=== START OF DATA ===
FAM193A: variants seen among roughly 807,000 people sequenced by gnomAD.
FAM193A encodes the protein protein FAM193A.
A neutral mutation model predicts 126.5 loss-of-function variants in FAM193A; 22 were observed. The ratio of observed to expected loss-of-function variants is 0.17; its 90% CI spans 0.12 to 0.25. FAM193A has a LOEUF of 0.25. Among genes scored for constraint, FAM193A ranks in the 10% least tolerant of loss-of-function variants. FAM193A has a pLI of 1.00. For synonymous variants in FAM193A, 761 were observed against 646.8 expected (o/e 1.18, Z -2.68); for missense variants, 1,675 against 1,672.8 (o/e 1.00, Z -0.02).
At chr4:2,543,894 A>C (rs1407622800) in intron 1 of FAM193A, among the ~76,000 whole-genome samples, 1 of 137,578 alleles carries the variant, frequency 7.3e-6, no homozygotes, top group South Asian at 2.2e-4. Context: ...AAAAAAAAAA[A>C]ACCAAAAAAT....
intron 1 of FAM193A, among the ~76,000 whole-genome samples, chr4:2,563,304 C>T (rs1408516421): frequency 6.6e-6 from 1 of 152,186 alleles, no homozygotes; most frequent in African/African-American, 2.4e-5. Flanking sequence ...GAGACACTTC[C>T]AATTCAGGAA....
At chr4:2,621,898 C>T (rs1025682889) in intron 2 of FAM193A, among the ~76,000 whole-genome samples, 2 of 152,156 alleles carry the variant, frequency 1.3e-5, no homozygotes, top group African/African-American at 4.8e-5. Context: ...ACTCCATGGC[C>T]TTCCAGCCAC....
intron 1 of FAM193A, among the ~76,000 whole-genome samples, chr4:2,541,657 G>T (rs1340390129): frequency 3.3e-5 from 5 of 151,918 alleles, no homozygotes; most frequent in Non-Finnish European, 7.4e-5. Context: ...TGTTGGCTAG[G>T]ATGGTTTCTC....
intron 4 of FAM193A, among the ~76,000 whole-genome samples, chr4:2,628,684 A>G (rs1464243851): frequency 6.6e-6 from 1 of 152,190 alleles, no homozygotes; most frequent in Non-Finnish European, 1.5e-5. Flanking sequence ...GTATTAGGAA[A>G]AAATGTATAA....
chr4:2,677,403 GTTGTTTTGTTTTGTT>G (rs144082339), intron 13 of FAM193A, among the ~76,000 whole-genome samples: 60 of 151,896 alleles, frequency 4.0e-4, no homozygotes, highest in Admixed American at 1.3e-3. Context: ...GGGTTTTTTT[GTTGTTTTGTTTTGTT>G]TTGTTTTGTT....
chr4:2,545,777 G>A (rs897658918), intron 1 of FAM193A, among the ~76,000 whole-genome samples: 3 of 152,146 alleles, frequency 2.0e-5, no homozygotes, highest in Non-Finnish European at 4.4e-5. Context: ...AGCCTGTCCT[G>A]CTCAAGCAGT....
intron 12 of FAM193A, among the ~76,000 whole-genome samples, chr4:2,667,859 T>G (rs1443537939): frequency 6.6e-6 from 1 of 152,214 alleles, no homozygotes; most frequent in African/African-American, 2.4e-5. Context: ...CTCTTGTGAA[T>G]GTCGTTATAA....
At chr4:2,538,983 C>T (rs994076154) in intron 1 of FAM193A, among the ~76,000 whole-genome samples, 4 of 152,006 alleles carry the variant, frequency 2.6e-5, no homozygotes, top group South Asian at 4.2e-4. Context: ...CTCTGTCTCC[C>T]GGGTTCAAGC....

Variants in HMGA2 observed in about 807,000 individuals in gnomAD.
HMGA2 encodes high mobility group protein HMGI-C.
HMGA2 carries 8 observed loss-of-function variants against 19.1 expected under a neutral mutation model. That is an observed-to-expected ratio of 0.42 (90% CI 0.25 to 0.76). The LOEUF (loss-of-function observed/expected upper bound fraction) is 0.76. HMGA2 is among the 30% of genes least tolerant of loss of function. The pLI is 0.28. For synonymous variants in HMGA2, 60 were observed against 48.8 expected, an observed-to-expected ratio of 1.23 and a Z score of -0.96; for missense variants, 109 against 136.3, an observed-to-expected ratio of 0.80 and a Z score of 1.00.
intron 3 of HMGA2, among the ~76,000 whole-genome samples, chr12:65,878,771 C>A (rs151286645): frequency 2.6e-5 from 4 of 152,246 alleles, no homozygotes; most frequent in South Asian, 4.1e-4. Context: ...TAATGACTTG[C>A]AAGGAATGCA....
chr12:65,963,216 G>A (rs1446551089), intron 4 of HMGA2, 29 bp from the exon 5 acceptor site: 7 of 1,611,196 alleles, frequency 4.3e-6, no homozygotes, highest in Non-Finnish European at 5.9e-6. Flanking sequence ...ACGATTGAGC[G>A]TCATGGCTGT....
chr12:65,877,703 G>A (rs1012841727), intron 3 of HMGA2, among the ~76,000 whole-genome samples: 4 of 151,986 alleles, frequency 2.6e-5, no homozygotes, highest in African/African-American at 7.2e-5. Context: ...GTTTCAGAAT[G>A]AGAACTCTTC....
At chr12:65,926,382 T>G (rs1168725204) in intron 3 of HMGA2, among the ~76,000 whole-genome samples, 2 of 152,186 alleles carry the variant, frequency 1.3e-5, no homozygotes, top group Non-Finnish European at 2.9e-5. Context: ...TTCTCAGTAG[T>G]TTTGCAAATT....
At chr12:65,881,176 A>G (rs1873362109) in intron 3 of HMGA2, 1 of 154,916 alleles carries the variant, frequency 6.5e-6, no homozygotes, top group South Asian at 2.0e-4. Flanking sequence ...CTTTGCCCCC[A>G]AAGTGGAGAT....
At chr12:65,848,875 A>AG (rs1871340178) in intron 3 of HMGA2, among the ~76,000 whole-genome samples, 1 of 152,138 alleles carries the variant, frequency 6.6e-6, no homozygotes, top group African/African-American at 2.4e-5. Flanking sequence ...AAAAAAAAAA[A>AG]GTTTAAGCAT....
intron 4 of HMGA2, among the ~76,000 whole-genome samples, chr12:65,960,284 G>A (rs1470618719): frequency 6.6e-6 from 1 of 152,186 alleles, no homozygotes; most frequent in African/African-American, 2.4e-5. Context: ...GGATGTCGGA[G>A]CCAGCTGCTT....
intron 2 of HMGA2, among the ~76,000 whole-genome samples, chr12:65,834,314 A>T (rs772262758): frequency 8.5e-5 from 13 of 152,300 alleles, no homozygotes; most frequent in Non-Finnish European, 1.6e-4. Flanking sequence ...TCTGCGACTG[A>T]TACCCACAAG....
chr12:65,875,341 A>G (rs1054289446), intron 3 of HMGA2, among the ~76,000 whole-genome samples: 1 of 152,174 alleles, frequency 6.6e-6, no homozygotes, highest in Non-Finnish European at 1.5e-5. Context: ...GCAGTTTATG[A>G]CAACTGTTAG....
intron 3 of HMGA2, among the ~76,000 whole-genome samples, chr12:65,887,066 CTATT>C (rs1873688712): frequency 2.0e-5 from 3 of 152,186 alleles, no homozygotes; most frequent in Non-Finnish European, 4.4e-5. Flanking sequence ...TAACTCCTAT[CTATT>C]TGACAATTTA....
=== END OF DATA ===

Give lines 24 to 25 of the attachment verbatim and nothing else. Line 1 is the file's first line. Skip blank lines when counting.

chr12:65,875,341 A>G (rs1054289446), intron 3 of HMGA2, among the ~76,000 whole-genome samples: 1 of 152,174 alleles, frequency 6.6e-6, no homozygotes, highest in Non-Finnish European at 1.5e-5. Context: ...GCAGTTTATG[A>G]CAACTGTTAG....
intron 3 of HMGA2, among the ~76,000 whole-genome samples, chr12:65,887,066 CTATT>C (rs1873688712): frequency 2.0e-5 from 3 of 152,186 alleles, no homozygotes; most frequent in Non-Finnish European, 4.4e-5. Flanking sequence ...TAACTCCTAT[CTATT>C]TGACAATTTA....